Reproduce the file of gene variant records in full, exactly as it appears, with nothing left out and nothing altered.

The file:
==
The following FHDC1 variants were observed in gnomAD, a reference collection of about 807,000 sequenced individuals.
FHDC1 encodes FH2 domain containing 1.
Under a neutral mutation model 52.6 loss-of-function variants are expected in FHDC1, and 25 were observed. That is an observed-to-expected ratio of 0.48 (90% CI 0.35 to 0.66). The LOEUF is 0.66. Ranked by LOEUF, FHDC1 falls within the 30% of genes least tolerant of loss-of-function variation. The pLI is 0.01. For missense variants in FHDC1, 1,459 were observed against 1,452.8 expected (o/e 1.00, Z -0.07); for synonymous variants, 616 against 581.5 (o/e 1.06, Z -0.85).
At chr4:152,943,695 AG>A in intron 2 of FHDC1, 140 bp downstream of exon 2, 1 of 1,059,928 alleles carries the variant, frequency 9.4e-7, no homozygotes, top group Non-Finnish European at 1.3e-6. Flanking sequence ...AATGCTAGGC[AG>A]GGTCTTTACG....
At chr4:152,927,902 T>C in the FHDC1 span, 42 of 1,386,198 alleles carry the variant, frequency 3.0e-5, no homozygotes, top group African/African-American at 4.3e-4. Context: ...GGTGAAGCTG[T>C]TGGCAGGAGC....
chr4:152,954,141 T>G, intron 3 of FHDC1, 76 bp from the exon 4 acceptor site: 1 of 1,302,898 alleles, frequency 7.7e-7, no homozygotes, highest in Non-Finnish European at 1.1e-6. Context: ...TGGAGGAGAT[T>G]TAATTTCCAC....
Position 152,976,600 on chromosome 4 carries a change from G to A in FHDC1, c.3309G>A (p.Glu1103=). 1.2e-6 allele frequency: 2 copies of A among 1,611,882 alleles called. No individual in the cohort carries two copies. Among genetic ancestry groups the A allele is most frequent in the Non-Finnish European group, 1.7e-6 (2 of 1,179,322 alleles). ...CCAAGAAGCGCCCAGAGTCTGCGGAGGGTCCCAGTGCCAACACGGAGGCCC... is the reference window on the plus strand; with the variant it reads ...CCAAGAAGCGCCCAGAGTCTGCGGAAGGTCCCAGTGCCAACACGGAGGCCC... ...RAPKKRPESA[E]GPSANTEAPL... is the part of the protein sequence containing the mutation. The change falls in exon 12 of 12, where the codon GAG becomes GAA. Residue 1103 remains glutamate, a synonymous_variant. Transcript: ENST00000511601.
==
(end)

The following FHDC1 variants were observed in gnomAD, a reference collection of about 807,000 sequenced individuals.
FHDC1 encodes FH2 domain containing 1.
Under a neutral mutation model 52.6 loss-of-function variants are expected in FHDC1, and 25 were observed. That is an observed-to-expected ratio of 0.48 (90% CI 0.35 to 0.66). The LOEUF is 0.66. Ranked by LOEUF, FHDC1 falls within the 30% of genes least tolerant of loss-of-function variation. The pLI is 0.01. For missense variants in FHDC1, 1,459 were observed against 1,452.8 expected (o/e 1.00, Z -0.07); for synonymous variants, 616 against 581.5 (o/e 1.06, Z -0.85).
At chr4:152,943,695 AG>A in intron 2 of FHDC1, 140 bp downstream of exon 2, 1 of 1,059,928 alleles carries the variant, frequency 9.4e-7, no homozygotes, top group Non-Finnish European at 1.3e-6. Flanking sequence ...AATGCTAGGC[AG>A]GGTCTTTACG....
At chr4:152,927,902 T>C in the FHDC1 span, 42 of 1,386,198 alleles carry the variant, frequency 3.0e-5, no homozygotes, top group African/African-American at 4.3e-4. Context: ...GGTGAAGCTG[T>C]TGGCAGGAGC....
chr4:152,954,141 T>G, intron 3 of FHDC1, 76 bp from the exon 4 acceptor site: 1 of 1,302,898 alleles, frequency 7.7e-7, no homozygotes, highest in Non-Finnish European at 1.1e-6. Context: ...TGGAGGAGAT[T>G]TAATTTCCAC....
Position 152,976,600 on chromosome 4 carries a change from G to A in FHDC1, c.3309G>A (p.Glu1103=). 1.2e-6 allele frequency: 2 copies of A among 1,611,882 alleles called. No individual in the cohort carries two copies. Among genetic ancestry groups the A allele is most frequent in the Non-Finnish European group, 1.7e-6 (2 of 1,179,322 alleles). ...CCAAGAAGCGCCCAGAGTCTGCGGAGGGTCCCAGTGCCAACACGGAGGCCC... is the reference window on the plus strand; with the variant it reads ...CCAAGAAGCGCCCAGAGTCTGCGGAAGGTCCCAGTGCCAACACGGAGGCCC... ...RAPKKRPESA[E]GPSANTEAPL... is the part of the protein sequence containing the mutation. The change falls in exon 12 of 12, where the codon GAG becomes GAA. Residue 1103 remains glutamate, a synonymous_variant. Transcript: ENST00000511601.